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When Justin Timberlake revealed to Apple Music’s Beats 1 host Zane Lowe that he “absolutely” made peace with Janet Jackson following the controversy that erupted from the 2004 Super Bowl, all I could hear was one of my favorite Negro colloquialisms: “Bitch, you lying.”

Although I am not privy to whatever conversation Timberlake might have had with Jackson about the matter in more recent years, I distinctively recall what happened two years after “nipple-gate” took place.

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Speaking with MTV News’ John Norris in 2006, Timberlake said: “If you consider it 50-50, then I probably got 10 percent of the blame. I think America is harsher on women. I think America is unfairly harsh on ethnic people.”

Timberlake, who more recently has been serving bugs at listening parties for his new L(umberjack)&B-filled forthcoming album, went on to say this: “I’m a part of a community that consider themselves artists. And if there’s something that I could have done in her defense, that was more, that I could have realized, then I would have.”

Shortly after Timberlake’s 2006 interview, Janet Jackson told Oprah Winfrey that while Timberlake had reached out to her, they still hadn’t spoken.

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“Friendship is very important to me, and certain things you just don’t do to friends,” Jackson said. “In my own time, I’ll give him a call.”

Jackson went on to acknowledge that she was upset about “certain things” Timberlake had said in the wake of the controversy, and when asked by Winfrey if she felt that “he left [her] out there hanging,” she answered, “To a certain degree.”

If her interview sparked a subsequent conversation between the two and a formal act of contrition from Timberlake, that is wonderful. After all, Jackson would deserve it, given that she bore far more of the brunt of that silly controversy than he ever did. Unfortunately, based on what Timberlake said here, there’s very little reason to believe that such is the case.

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As Timberlake told Lowe about this purported incident in which he “made peace”: “To be honest, it wasn’t too much of a conversation. It’s just one of those things where you go, like, ‘Yeah, what do you want me to say? We’re not going to do that again!’”

What makes this all the more irritating is the face he made as he vomited out that drivel. It was a smug, goofy-looking grin. It doesn’t at all suggest any real remorse. All it does is remind me that he once threw the legendary Ms. Britney Spears under the boss, too.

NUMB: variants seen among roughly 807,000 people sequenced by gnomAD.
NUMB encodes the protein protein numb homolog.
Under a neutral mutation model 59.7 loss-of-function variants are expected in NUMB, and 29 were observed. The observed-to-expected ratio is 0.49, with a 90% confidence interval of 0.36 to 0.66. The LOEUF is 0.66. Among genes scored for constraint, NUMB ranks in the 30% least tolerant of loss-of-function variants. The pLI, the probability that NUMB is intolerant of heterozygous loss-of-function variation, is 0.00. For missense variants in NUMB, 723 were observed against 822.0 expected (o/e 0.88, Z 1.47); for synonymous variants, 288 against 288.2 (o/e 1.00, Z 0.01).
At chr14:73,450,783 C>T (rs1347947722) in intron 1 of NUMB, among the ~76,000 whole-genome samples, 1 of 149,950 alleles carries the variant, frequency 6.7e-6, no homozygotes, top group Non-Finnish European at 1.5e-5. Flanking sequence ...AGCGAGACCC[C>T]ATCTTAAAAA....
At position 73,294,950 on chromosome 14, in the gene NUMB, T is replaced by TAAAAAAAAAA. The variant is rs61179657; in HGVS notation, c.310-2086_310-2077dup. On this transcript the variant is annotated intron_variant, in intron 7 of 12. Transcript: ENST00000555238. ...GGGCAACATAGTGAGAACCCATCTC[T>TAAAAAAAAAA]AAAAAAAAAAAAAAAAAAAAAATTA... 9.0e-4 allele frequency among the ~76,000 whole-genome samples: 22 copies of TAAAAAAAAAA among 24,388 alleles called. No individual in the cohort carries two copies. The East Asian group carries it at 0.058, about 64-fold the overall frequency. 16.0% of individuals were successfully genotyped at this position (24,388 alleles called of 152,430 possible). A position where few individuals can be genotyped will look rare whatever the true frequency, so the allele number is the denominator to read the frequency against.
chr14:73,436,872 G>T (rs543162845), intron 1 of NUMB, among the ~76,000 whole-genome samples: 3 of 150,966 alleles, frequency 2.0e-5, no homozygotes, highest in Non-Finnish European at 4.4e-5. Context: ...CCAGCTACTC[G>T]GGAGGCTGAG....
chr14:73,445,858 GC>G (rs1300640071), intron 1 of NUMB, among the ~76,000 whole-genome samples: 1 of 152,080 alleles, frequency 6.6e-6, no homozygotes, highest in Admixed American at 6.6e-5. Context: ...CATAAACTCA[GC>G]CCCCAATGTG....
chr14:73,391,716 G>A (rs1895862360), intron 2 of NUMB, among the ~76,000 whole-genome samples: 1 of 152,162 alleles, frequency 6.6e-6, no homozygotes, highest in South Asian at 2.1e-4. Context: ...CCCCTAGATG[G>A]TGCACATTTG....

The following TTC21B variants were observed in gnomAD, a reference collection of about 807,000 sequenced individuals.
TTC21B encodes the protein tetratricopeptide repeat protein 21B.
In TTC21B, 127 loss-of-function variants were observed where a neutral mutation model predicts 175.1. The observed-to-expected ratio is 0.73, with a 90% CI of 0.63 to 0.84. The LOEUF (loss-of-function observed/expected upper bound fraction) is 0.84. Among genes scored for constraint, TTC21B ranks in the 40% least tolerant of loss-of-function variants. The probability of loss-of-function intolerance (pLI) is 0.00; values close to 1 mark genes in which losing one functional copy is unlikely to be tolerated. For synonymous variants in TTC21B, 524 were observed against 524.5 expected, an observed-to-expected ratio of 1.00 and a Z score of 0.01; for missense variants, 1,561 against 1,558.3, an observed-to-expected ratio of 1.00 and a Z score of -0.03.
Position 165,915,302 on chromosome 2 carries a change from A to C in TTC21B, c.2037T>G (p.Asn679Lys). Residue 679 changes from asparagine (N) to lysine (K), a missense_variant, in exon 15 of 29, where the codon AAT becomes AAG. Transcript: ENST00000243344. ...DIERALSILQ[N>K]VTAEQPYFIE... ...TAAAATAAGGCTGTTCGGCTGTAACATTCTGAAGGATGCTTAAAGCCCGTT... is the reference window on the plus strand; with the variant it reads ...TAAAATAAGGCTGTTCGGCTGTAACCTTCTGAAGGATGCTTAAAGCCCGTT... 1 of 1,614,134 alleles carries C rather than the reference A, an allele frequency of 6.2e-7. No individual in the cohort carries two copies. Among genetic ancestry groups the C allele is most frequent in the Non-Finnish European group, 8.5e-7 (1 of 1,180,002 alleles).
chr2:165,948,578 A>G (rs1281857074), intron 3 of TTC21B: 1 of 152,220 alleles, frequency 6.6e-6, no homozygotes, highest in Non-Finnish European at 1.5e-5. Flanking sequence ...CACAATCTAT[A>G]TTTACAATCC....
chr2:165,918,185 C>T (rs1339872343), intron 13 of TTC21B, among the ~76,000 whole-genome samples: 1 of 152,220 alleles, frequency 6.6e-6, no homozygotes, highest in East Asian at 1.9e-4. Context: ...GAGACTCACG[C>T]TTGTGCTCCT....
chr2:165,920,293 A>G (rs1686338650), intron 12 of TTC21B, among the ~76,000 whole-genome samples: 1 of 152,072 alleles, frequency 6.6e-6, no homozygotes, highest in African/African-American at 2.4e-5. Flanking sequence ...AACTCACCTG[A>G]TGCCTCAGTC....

Timberlake went on to say, “You can’t change what’s happened, but you can move forward and learn from it.”

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Yes, you can, but the banality of this statement suggests that he hasn’t learned a damn thing. Timberlake has long maintained a certain sort of duality in that he talks a lot, yet manages not to ever really say much. Like the aforementioned statement, or the claim that he “stumbled” through the events after the 2004 Super Bowl halftime show.

While he stumbled, Janet Jackson was effectively blacklisted. A storied career was promptly swept under the rug. Meanwhile, he went on to become a much bigger star despite never giving us an album as good as Confessions. Yeah, I said it. And while Justified has aged well, FutureSex/LoveSounds has not. And yes, I wrote about enjoying “Filthy” more than most of y’all, but that doesn’t mean I can’t think Timberlake has my queen Janet fucked up all the same.

If Justin Timberlake has truly made peace with Janet Jackson, why couldn’t he have taken a moment to acknowledge how he failed her? And that she did him a favor by giving him—then a boy band member trying to cement his status as a solo star largely based on the discarded tracks from her big brother—a spot during her Super Bowl halftime show? And that, sadly, something went awry and he left her hanging? Instead, he leaned into his privilege as a white man and let the black woman take the heat for America’s fake-ass puritanism.

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All I got from Timberlake’s comments to Lowe is that he remains the same self-absorbed, selfish somebody he was well over a decade ago. He is once again recalling past events in his image—one that makes him come across as far less guilty than he is. So I have a hard time believing that Jackson has made peace with all that happened. And until Randy Jackson—the only Jackson family member who seems allowed to speak for her—says otherwise, I’ll maintain the following stance: Bitch, you lying.

And unless Timberlake is going to say, “I’m still sorry, Janet,” I would much rather never, ever hear him speak her name again because it’ll only further ruin him for me.